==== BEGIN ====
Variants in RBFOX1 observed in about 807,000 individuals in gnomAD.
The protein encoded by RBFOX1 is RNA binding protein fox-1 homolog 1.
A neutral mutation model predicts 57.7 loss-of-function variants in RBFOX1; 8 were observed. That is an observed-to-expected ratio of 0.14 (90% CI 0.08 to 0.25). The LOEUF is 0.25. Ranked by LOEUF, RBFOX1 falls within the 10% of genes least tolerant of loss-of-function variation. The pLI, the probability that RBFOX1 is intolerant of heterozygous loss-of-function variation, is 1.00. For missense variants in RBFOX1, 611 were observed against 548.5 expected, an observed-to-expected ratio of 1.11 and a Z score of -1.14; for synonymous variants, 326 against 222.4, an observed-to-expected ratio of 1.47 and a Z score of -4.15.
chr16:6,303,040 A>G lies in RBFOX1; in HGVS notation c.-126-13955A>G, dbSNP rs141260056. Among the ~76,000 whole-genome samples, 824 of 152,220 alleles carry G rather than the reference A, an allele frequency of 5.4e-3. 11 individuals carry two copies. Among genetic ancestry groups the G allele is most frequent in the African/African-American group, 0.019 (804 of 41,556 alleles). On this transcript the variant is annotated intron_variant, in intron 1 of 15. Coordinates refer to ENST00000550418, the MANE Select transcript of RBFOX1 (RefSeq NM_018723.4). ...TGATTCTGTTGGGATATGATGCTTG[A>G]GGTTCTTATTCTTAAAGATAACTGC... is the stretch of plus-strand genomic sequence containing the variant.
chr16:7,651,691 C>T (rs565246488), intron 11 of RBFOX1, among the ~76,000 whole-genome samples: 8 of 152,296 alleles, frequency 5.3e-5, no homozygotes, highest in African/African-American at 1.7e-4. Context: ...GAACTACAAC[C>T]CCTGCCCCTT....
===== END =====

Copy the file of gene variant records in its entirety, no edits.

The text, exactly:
Variants in RBFOX1 observed in about 807,000 individuals in gnomAD.
The protein encoded by RBFOX1 is RNA binding protein fox-1 homolog 1.
A neutral mutation model predicts 57.7 loss-of-function variants in RBFOX1; 8 were observed. That is an observed-to-expected ratio of 0.14 (90% CI 0.08 to 0.25). The LOEUF is 0.25. Ranked by LOEUF, RBFOX1 falls within the 10% of genes least tolerant of loss-of-function variation. The pLI, the probability that RBFOX1 is intolerant of heterozygous loss-of-function variation, is 1.00. For missense variants in RBFOX1, 611 were observed against 548.5 expected, an observed-to-expected ratio of 1.11 and a Z score of -1.14; for synonymous variants, 326 against 222.4, an observed-to-expected ratio of 1.47 and a Z score of -4.15.
chr16:6,303,040 A>G lies in RBFOX1; in HGVS notation c.-126-13955A>G, dbSNP rs141260056. Among the ~76,000 whole-genome samples, 824 of 152,220 alleles carry G rather than the reference A, an allele frequency of 5.4e-3. 11 individuals carry two copies. Among genetic ancestry groups the G allele is most frequent in the African/African-American group, 0.019 (804 of 41,556 alleles). On this transcript the variant is annotated intron_variant, in intron 1 of 15. Coordinates refer to ENST00000550418, the MANE Select transcript of RBFOX1 (RefSeq NM_018723.4). ...TGATTCTGTTGGGATATGATGCTTG[A>G]GGTTCTTATTCTTAAAGATAACTGC... is the stretch of plus-strand genomic sequence containing the variant.
chr16:7,651,691 C>T (rs565246488), intron 11 of RBFOX1, among the ~76,000 whole-genome samples: 8 of 152,296 alleles, frequency 5.3e-5, no homozygotes, highest in African/African-American at 1.7e-4. Context: ...GAACTACAAC[C>T]CCTGCCCCTT....